j) providing a pathway balance standard ratio; and
k) comparing the determined ratio to the standard ratio to evaluate the subject's perceived motion ability along the red/green chromatic and luminance pathways.
17. A method for comparing a subject's perceived motion ability utilizing the blue/yellow chromatic pathway versus the luminance pathway, the method comprising the steps of:
a) determining the equiluminant point of the subject with respect to the colors blue and yellow;
b) providing a first moving pattern of the colors blue and yellow, the blue and yellow colors of the first pattern being luminant with respect to each other;
c) providing a second moving pattern similar to the first pattern, the blue and yellow colors of the second pattern being equiluminant with respect to each other, the second pattern being superimposed over the first pattern;
d) maintaining the first and second patterns at a first fixed velocity but in opposite directions;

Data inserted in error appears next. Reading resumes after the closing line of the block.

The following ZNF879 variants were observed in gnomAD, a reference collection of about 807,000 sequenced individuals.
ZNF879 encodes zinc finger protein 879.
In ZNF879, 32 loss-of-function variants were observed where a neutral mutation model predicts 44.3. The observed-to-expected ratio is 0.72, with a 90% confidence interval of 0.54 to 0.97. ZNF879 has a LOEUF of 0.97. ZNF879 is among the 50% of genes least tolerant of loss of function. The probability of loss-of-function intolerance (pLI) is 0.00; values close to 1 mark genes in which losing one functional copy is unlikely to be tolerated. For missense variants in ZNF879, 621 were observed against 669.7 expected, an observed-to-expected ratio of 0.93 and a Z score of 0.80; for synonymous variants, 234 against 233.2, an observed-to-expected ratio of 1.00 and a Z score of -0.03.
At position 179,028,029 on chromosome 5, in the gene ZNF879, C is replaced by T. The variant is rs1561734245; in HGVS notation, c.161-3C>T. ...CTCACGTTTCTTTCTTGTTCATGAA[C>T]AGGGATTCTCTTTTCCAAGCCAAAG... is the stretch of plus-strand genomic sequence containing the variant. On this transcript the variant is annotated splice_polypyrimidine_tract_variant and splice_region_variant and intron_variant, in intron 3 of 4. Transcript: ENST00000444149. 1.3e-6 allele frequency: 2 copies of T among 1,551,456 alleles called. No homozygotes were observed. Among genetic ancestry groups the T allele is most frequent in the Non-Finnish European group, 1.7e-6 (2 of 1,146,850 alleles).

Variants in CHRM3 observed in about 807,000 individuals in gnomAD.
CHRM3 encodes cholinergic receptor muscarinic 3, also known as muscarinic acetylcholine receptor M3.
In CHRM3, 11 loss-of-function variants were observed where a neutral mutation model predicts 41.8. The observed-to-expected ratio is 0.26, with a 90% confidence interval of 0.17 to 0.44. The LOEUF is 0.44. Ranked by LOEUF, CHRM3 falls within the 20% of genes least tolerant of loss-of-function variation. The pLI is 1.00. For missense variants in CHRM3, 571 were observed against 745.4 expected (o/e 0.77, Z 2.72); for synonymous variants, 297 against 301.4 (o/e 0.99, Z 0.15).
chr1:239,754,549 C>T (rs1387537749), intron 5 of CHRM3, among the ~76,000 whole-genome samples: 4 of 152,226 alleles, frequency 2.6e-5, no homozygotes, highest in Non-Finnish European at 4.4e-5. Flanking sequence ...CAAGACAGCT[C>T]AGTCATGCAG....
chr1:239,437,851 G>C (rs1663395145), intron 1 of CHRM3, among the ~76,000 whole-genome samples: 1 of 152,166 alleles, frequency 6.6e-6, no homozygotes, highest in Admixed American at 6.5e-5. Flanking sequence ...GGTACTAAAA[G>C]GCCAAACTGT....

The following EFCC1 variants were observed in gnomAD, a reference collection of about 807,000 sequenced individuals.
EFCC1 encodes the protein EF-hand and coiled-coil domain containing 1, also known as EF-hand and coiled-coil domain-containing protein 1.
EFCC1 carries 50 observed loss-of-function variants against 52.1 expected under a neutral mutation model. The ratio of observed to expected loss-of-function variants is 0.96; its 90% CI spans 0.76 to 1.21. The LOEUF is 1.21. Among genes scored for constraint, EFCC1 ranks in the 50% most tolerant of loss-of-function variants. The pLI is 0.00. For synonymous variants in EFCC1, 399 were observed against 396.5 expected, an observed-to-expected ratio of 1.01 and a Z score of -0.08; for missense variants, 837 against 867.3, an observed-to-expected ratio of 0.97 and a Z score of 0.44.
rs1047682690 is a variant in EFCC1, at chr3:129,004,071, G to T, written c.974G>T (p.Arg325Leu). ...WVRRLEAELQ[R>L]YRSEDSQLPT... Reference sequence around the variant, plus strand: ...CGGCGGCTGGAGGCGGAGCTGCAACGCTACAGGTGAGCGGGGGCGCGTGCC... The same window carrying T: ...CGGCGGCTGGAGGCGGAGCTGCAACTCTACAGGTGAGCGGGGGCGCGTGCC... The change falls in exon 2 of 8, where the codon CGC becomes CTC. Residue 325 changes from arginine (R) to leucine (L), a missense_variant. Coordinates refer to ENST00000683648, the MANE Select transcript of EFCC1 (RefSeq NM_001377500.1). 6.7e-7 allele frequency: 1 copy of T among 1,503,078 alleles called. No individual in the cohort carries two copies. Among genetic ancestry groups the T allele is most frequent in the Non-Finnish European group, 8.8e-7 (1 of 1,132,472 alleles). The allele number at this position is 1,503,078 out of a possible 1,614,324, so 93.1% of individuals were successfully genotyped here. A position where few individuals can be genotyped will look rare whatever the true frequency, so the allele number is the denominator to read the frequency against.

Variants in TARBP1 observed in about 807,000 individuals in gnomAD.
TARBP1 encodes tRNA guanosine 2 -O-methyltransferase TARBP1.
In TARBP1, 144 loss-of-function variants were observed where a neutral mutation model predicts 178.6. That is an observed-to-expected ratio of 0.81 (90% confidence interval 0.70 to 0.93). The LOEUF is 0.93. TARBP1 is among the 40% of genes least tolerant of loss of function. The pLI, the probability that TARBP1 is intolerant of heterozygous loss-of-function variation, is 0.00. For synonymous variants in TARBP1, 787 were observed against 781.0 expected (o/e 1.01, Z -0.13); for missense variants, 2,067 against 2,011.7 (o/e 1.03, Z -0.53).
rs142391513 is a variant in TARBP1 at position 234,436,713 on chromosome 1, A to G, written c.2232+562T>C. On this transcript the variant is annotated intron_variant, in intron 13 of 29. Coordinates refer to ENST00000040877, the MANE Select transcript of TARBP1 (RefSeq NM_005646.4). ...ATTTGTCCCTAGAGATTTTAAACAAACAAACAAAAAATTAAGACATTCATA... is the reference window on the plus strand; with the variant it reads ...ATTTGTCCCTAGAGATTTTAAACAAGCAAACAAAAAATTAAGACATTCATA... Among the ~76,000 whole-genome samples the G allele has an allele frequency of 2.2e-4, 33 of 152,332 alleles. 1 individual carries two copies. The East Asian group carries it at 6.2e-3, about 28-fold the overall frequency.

e) setting one of the first and second patterns at a first fixed contrast;
f) providing the subject with means for adjusting a reference contrast of the other of the first and second patterns;
g) having the subject adjust the reference contrast until the combination of the first and second patterns appears to stop and measuring a first reference contrast;
h) selecting a second fixed velocity for the patterns and repeating step g to obtain a second reference contrast;
i) determining the ratio between the difference in the first and second reference contrasts to the difference in the first and second velocities, the ratio being a measure of the sensitivity of the overall motion perception to motion information from the blue/yellow chromatic pathway;
j) providing a pathway balance standard ratio; and
k) comparing the determined ratio to the standard ratio to evaluate the subject's perceived motion ability along the blue/yellow chromatic and luminance pathways.
18. A method for comparing a subject's perceived motion ability utilizing a chosen chromatic pathway versus the luminance pathway, the method comprising the steps of:
a) determining the equiluminant point of the subject with respect to a first and second color for the chosen pathway;
b) providing a first moving pattern of the first and second colors, the colors of the first pattern being luminant with respect to each other;